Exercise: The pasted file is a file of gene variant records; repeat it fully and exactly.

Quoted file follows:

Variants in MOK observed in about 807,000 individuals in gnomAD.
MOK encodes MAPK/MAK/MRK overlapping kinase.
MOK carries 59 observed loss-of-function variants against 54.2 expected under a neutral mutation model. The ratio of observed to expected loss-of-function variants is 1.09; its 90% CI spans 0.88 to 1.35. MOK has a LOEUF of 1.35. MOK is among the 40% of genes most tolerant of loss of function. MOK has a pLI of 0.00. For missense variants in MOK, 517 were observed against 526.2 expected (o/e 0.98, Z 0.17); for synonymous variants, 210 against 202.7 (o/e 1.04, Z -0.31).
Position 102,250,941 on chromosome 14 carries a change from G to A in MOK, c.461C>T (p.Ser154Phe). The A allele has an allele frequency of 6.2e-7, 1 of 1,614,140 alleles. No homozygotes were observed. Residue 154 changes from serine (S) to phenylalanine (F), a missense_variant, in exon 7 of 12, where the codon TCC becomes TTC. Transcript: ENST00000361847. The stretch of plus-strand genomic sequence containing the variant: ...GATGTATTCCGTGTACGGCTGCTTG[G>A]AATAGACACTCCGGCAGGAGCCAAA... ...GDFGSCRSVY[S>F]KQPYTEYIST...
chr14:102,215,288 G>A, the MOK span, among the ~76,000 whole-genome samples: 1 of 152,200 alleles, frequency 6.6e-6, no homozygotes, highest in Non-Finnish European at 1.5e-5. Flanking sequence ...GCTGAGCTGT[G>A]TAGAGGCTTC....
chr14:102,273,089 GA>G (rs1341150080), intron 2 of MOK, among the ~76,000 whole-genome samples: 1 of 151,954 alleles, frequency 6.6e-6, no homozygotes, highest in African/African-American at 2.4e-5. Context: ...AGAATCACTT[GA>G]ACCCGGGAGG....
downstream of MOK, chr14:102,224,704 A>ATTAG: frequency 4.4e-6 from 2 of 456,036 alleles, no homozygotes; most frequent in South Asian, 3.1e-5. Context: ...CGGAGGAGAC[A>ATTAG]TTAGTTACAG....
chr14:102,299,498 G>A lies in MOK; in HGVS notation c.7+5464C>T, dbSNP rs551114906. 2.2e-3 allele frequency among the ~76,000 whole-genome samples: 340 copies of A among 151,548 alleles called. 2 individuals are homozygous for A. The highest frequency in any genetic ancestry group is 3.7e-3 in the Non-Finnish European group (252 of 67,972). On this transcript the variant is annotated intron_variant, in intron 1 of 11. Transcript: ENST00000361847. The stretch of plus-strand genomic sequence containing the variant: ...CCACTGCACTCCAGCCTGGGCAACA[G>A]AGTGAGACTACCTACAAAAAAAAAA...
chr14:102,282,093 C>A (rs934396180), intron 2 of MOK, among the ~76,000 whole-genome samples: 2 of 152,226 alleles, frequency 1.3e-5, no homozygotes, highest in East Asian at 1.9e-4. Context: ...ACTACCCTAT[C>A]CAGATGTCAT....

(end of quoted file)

Variants in MOK observed in about 807,000 individuals in gnomAD.
MOK encodes MAPK/MAK/MRK overlapping kinase.
MOK carries 59 observed loss-of-function variants against 54.2 expected under a neutral mutation model. The ratio of observed to expected loss-of-function variants is 1.09; its 90% CI spans 0.88 to 1.35. MOK has a LOEUF of 1.35. MOK is among the 40% of genes most tolerant of loss of function. MOK has a pLI of 0.00. For missense variants in MOK, 517 were observed against 526.2 expected (o/e 0.98, Z 0.17); for synonymous variants, 210 against 202.7 (o/e 1.04, Z -0.31).
Position 102,250,941 on chromosome 14 carries a change from G to A in MOK, c.461C>T (p.Ser154Phe). The A allele has an allele frequency of 6.2e-7, 1 of 1,614,140 alleles. No homozygotes were observed. Residue 154 changes from serine (S) to phenylalanine (F), a missense_variant, in exon 7 of 12, where the codon TCC becomes TTC. Transcript: ENST00000361847. The stretch of plus-strand genomic sequence containing the variant: ...GATGTATTCCGTGTACGGCTGCTTG[G>A]AATAGACACTCCGGCAGGAGCCAAA... ...GDFGSCRSVY[S>F]KQPYTEYIST...
chr14:102,215,288 G>A, the MOK span, among the ~76,000 whole-genome samples: 1 of 152,200 alleles, frequency 6.6e-6, no homozygotes, highest in Non-Finnish European at 1.5e-5. Flanking sequence ...GCTGAGCTGT[G>A]TAGAGGCTTC....
chr14:102,273,089 GA>G (rs1341150080), intron 2 of MOK, among the ~76,000 whole-genome samples: 1 of 151,954 alleles, frequency 6.6e-6, no homozygotes, highest in African/African-American at 2.4e-5. Context: ...AGAATCACTT[GA>G]ACCCGGGAGG....
downstream of MOK, chr14:102,224,704 A>ATTAG: frequency 4.4e-6 from 2 of 456,036 alleles, no homozygotes; most frequent in South Asian, 3.1e-5. Context: ...CGGAGGAGAC[A>ATTAG]TTAGTTACAG....
chr14:102,299,498 G>A lies in MOK; in HGVS notation c.7+5464C>T, dbSNP rs551114906. 2.2e-3 allele frequency among the ~76,000 whole-genome samples: 340 copies of A among 151,548 alleles called. 2 individuals are homozygous for A. The highest frequency in any genetic ancestry group is 3.7e-3 in the Non-Finnish European group (252 of 67,972). On this transcript the variant is annotated intron_variant, in intron 1 of 11. Transcript: ENST00000361847. The stretch of plus-strand genomic sequence containing the variant: ...CCACTGCACTCCAGCCTGGGCAACA[G>A]AGTGAGACTACCTACAAAAAAAAAA...
chr14:102,282,093 C>A (rs934396180), intron 2 of MOK, among the ~76,000 whole-genome samples: 2 of 152,226 alleles, frequency 1.3e-5, no homozygotes, highest in East Asian at 1.9e-4. Context: ...ACTACCCTAT[C>A]CAGATGTCAT....